How can we leverage social network data and observed ratings to correctly recommend proper items and provide a persuasive explanation for the recommendations? Many online services provide social networks among users, and it is crucial to utilize social information since recommendation by a friend is more likely to grab attention than the one from a random user. Also, explaining why items are recommended is very important in encouraging the users’ actions such as actual purchases. Exploiting both ratings and social graph for recommendation, however, is not trivial because of the heterogeneity of the data.
In this paper, we propose UniWalk, an explainable and accurate recommender system that exploits both social network and rating data. UniWalk combines both data into a unified graph, learns latent features of users and items, and recommends items to each user through the features. Importantly, it explains why items are recommended together with the recommendation results. Extensive experiments show that UniWalk provides the best explainability and achieves the state-of-the-art accuracy.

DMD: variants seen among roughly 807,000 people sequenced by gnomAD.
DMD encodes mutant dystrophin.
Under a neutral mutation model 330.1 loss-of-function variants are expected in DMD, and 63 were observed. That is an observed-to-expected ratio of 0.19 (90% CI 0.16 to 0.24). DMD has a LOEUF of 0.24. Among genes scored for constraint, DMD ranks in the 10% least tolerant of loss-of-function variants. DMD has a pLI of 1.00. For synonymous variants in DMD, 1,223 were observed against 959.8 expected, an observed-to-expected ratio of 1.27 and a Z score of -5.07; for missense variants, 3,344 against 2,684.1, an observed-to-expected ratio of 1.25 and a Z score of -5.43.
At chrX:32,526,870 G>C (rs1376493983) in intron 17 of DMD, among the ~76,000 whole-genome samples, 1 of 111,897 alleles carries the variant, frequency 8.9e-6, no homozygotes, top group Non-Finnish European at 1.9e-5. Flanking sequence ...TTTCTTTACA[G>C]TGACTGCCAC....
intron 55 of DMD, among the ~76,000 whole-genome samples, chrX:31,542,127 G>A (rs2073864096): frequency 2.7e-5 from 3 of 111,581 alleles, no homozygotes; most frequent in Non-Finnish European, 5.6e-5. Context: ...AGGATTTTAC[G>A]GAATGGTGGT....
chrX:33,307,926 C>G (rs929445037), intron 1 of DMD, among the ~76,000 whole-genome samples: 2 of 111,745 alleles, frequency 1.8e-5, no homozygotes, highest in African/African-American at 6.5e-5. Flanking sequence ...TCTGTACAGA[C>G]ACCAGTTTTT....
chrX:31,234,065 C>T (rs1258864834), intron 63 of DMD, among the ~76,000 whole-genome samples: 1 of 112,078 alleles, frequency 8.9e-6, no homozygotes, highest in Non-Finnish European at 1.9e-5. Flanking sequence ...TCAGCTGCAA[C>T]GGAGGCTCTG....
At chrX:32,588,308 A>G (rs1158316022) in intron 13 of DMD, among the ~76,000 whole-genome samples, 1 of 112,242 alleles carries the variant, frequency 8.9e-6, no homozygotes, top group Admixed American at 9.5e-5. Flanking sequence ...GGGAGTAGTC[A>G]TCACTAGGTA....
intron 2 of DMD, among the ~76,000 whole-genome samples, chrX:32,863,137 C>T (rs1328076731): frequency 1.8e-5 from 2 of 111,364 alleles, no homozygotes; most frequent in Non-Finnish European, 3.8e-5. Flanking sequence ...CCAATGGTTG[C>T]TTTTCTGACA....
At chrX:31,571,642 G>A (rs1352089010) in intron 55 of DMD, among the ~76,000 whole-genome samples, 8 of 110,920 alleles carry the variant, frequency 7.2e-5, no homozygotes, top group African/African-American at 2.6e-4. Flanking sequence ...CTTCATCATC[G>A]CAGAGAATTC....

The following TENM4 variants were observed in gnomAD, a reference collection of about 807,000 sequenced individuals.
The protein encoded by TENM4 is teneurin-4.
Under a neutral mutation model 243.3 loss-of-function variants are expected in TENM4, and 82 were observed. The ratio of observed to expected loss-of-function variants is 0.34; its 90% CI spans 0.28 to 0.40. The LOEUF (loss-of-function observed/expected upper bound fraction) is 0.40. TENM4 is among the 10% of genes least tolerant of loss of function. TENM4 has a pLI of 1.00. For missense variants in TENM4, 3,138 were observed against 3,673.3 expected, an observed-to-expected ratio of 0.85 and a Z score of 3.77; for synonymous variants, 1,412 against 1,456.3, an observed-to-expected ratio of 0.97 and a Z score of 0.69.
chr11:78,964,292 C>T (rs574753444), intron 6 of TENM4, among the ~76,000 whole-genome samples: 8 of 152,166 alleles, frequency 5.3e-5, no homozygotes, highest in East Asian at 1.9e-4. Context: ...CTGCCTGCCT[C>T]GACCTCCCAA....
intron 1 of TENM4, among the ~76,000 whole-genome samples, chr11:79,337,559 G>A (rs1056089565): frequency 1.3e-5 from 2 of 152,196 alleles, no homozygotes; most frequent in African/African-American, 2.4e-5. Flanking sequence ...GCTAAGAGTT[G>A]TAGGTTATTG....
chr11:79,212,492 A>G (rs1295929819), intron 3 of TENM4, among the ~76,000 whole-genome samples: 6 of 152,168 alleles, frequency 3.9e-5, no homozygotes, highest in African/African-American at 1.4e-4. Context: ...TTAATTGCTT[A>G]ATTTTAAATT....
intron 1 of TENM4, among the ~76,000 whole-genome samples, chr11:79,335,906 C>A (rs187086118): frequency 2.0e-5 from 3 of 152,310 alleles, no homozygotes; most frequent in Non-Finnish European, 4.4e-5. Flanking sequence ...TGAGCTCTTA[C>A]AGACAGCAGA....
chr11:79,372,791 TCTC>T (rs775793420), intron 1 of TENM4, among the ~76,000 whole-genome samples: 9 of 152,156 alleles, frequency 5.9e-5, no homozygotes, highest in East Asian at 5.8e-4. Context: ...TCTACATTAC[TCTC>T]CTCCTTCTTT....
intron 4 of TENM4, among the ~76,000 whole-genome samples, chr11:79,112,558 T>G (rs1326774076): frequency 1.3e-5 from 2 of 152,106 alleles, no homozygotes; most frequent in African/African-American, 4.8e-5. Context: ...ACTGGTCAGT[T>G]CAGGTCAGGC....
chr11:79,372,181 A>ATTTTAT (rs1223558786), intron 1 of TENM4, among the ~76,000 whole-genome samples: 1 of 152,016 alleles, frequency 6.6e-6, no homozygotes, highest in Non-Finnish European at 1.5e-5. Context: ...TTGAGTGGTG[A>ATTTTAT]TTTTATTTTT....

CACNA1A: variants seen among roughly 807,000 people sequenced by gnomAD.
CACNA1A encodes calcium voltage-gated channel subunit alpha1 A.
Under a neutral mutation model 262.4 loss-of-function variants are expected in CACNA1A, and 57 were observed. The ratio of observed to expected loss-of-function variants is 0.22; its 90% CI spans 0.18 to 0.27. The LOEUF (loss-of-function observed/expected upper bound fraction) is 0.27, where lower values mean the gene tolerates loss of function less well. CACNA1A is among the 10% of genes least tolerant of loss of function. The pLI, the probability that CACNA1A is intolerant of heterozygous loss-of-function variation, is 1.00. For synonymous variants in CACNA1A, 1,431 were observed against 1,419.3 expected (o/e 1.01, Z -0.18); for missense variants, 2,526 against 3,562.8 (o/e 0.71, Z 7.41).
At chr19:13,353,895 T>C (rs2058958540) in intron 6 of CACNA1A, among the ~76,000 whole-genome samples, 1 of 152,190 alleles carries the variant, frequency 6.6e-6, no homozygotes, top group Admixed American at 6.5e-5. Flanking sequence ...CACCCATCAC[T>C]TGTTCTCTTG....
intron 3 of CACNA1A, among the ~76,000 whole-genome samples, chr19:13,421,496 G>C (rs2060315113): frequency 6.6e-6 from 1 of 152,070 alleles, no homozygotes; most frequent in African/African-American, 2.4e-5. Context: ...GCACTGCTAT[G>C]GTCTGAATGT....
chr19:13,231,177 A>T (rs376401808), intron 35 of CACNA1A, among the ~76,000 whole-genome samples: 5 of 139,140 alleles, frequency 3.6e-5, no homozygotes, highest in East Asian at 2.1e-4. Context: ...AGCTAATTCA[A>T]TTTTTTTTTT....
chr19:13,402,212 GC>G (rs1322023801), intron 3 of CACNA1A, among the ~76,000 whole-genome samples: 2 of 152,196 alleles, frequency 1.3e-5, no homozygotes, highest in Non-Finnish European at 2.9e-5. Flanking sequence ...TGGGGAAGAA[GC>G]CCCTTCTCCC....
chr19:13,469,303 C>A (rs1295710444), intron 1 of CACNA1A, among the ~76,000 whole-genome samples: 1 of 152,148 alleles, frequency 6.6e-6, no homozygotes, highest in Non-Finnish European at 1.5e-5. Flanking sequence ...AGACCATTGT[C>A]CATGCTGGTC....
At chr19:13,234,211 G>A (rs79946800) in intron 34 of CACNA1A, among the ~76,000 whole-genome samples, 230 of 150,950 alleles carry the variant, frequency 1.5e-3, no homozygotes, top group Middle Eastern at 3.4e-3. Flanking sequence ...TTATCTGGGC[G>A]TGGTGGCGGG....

We recommend items (a, b, and c) to a target user (u1).
We recommend the items because the items are preferred by other users (u2, u3, u4, and u5) who are similar to the target user.
We recommend the items because the target user likes other similar items (d, e, and i).